Planet Ark : More Alternative Fuel Vehicles Seen in US in 2004
The number of vehicles in the United States that run on alternative fuels is expected to increase 7.3 percent this year from 2003, the government said last week.
A total of 547,904 vehicles that run on natural gas, corn-based ethanol, electricity or liquefied petroleum gases will be on the road this year, up from 510,805 last year, the U.S. Energy Information Administration said.
The agency's numbers do not include hybrid vehicles that are fueled by a combination of electricity and traditional gasoline.
At first glance, this sounds like an optimistic story, but there are problems. As I noted before, natural gas production is expected to be flat, pushing prices higher. Ethanol will never be a comprehensive solution. Some experts claim that it takes more energy to produce it than it contains. Others disagree, but even if all the farmland in the country were devoted to producing ethanol, it would not come close to meeting US energy needs.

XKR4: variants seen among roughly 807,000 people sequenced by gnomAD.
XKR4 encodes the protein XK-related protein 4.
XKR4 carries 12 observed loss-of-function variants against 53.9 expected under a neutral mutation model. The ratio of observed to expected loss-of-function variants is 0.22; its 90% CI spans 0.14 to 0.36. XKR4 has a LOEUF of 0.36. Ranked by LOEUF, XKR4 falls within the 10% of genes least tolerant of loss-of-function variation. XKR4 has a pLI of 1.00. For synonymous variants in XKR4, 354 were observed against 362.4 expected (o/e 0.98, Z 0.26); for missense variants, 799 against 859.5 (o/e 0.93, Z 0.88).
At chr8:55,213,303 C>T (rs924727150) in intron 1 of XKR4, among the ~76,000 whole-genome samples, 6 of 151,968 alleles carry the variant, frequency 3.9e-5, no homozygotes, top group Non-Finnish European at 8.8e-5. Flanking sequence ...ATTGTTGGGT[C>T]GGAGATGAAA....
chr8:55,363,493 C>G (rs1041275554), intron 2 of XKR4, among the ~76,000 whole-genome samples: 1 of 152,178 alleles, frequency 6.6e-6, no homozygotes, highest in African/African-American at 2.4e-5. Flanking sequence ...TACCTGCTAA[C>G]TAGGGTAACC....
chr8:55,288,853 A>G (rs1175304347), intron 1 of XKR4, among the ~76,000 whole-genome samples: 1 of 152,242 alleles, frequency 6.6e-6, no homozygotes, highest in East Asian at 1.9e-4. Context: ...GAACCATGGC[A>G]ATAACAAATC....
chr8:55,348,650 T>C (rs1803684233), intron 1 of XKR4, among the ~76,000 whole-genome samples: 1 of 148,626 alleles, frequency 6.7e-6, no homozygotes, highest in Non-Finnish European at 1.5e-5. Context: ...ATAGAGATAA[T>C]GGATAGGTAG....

Electric cars have floundered on the inability to develop batteries with enough energy to rival gas powered cars. GM not only halted its limited construction of electric cars, it recalled the electric cars it was leasing. The market is left to small companies such as Zap Electric. The future of electric cars is still far distant.